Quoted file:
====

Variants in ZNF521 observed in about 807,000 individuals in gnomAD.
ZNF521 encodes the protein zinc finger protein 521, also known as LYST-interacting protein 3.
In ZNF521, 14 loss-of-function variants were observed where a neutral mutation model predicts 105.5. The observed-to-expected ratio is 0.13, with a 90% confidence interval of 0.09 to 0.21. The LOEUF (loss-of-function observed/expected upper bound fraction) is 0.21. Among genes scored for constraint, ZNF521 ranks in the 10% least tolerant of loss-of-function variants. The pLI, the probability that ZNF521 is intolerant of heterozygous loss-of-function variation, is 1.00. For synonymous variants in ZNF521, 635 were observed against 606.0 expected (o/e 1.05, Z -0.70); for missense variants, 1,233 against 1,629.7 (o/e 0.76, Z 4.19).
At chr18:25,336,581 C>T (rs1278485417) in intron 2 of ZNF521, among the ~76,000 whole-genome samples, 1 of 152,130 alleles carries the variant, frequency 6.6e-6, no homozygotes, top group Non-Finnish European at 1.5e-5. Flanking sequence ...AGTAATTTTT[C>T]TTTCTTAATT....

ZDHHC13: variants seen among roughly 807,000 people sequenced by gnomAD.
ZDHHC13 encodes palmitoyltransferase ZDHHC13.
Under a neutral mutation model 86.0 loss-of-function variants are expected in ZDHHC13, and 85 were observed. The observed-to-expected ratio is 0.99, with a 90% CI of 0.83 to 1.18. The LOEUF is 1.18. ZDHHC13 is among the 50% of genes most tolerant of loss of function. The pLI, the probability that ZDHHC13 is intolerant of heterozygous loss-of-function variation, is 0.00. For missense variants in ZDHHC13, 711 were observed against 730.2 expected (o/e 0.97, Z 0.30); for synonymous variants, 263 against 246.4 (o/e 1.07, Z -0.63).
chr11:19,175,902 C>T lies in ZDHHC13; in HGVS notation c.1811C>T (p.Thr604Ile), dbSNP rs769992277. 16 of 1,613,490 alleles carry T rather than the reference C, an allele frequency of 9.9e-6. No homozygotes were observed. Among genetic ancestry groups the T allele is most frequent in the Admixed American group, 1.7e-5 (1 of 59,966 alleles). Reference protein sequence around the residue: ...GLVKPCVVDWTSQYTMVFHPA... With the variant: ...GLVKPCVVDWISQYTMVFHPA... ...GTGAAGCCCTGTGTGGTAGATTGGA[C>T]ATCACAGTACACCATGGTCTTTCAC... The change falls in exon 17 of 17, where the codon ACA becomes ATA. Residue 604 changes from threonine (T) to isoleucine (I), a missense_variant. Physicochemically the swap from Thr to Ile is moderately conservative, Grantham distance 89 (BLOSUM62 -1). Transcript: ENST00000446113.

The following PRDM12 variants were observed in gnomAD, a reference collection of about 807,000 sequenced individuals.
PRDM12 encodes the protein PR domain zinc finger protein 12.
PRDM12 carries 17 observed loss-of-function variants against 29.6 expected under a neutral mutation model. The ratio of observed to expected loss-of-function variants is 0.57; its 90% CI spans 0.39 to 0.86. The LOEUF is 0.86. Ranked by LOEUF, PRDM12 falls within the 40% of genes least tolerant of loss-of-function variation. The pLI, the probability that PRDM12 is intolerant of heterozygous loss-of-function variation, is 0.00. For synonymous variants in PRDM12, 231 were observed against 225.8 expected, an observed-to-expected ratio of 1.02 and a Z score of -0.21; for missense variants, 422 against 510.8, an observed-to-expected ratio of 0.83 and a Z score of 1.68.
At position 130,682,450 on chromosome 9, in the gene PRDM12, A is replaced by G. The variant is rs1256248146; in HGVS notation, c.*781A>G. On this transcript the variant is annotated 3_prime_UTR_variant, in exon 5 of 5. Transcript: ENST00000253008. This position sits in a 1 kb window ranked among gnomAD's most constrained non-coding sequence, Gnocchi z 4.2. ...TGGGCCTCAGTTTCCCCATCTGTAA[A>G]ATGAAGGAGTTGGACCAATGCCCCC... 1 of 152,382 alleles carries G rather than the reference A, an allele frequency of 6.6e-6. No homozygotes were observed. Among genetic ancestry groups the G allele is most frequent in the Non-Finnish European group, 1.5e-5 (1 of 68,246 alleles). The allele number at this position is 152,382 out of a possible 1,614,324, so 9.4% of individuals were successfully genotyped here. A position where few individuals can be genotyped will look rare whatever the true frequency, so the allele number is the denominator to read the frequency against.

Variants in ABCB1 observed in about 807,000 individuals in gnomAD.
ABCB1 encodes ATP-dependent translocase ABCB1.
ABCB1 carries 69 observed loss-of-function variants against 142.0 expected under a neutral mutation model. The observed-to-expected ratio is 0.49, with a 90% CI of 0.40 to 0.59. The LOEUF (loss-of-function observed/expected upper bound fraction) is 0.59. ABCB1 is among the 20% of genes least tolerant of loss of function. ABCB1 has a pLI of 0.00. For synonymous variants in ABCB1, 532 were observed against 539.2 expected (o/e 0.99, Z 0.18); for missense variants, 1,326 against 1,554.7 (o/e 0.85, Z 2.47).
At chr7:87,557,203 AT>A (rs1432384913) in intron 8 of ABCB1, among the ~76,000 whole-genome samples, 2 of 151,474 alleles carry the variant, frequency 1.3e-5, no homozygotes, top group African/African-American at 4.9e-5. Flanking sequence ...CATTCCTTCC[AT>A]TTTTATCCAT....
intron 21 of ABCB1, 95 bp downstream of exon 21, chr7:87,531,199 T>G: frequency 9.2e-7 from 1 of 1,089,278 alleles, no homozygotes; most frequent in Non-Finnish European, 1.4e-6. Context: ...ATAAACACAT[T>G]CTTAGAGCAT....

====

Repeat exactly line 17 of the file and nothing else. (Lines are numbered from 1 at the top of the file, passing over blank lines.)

intron 21 of ABCB1, 95 bp downstream of exon 21, chr7:87,531,199 T>G: frequency 9.2e-7 from 1 of 1,089,278 alleles, no homozygotes; most frequent in Non-Finnish European, 1.4e-6. Context: ...ATAAACACAT[T>G]CTTAGAGCAT....